There's an event at my school every year called Pen and Pigment which is a collaboration between the Creative Writing and Art departments. Basically, we poets write a poem and the artists create a work of art and then we trade our pieces and write another piece based on the other's work.
This year, the art was typography, so all of the pieces had letters or numbers incorporated in them. When I received my piece to write on, I couldn't believe my luck. You see, ever since I wrote that poem about Grandma and Grandpa in my National Red and Pink Day post, I've wanted to write about Pop, my grandpa on Mom's side who died when I was thirteen, but I have such limited memories of him. The piece of typography that I had been given was a number 4 turned into a sailboat and my Pop had a sailboat named Escape IV (after the first three Escapes of course). I was thrilled. And, since I wanted my poem to have lots of details about the same thing, I decided to use the Sestina form. many poets consider the sestina a very frustrating form, but I love it. To me, writing a sestina feels like solving a puzzle. A sestina is a seven stanza poem in which you use the same end-words in every stanza, but in a different order. The last stanza is called the envoy and traditionally houses the "turn" of the poem. Sestinas were originally in iambic pentameter (ten syllables per line with an unstressed, stressed, unstressed, stressed rhythm). However, over the years, they evolved and now they are permitted to have more or less syllables per line. I love writing them with traditional rhythm (more puzzle fun), but had too much to say this time to restrict myself to that. So, since you missed my fabulous reading at which I was literally shaking and sounded slightly like I was about to cry the entire time, here is (one of) my (favorite) poem(s that I've written so far):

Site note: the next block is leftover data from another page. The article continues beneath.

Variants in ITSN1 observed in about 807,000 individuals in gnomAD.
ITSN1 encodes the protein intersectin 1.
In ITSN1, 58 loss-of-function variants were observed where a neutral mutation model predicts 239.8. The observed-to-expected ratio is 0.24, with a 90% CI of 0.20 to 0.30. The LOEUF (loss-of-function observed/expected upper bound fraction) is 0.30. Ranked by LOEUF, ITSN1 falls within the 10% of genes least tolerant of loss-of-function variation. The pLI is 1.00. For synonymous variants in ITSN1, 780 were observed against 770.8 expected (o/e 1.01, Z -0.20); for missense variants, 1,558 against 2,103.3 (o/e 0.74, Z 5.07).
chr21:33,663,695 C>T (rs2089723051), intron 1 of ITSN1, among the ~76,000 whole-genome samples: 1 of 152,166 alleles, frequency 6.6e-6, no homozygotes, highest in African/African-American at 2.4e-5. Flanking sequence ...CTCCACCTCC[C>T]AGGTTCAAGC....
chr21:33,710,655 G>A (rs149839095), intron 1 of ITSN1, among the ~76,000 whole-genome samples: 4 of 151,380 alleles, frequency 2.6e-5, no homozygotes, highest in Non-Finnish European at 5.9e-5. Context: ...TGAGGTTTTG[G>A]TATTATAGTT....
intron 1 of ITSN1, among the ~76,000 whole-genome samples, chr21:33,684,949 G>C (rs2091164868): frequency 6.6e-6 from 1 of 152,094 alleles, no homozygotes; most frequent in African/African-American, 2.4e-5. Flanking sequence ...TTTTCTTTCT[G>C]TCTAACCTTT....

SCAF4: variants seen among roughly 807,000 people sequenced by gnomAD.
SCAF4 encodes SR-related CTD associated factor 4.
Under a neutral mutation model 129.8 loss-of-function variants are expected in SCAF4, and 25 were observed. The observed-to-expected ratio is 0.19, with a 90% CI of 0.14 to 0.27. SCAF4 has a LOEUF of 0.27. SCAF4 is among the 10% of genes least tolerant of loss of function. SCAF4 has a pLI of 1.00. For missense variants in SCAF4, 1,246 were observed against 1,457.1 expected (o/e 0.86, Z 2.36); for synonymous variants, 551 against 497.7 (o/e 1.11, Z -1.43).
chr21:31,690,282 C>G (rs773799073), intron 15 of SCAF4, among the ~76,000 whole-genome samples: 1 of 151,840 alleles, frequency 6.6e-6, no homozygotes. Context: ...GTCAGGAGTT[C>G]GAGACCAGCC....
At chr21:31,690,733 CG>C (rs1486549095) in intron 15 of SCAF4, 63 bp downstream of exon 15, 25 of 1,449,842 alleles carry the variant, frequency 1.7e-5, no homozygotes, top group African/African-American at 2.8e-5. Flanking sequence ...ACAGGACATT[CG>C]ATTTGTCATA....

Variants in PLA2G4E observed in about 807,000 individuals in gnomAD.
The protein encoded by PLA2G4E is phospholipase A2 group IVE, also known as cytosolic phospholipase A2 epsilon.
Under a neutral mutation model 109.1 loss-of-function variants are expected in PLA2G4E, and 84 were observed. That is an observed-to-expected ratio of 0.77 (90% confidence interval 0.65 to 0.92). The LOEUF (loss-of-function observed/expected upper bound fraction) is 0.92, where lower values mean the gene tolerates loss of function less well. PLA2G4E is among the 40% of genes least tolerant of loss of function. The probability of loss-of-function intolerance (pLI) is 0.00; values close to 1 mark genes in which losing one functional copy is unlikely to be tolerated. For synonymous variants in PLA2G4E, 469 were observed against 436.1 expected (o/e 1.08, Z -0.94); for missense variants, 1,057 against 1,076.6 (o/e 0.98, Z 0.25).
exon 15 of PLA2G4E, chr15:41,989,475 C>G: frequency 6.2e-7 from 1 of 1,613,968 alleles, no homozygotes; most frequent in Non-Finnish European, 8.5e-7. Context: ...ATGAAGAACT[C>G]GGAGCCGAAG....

I’m never sure how much I actually remember
and how much I’ve learned from the pictures we
pull out now, almost every time we get together.
I know I remember the smell of cigarette smoke
and the feel of the stubble on his chin when he hugged me.
And I remember standing on the prickly grass, anxious to get on his sailboat.
I only remember going out on his boat
a few times. I don’t really remember
the feel of the tiller, but I know he let me
steer it from his lap on those days when we
sailed it far from the flames and smoke
of the refineries. I remember when we were all together,
even though I know we weren’t always together.
There were times when he went out on his boat,
or went to the Yale Street Pharmacy to smoke
and have coffee with his friends, but I only remember
the long lazy days at the house when we
gathered around to eat seafood. He instilled in me
a taste for good food which makes me
wish I knew how to throw ingredients together
and make something delicious like he did every time we
visited. He was always in the kitchen or on the boat.
As hard as I try, I can never remember
him being anywhere else—except on the patio where he smoked
his Camels. I still recognize that smoke,
the Camel kind. The scent of it takes me
back to when I was seven. When I smell it, I remember
the times when we were all together
though now I know his mind was probably on his boat.
while his feet were on the table. We knew we had his love, but we
also knew he loved the bay and Escape IV more than we
ever could imagine. I think if the house had gone up in smoke,
he would have been thrilled to live on his boat,
a lifestyle that wouldn’t have fit me
then. Now I wish we’d gone out on his boat together
more often. The last time I remember
being on the bay was in a different boat. I watched the shore until we
left it behind. I remember wishing I could ask why he ever decided to smokeas the wind blew his ashes back around me. We were on the bay, but not together.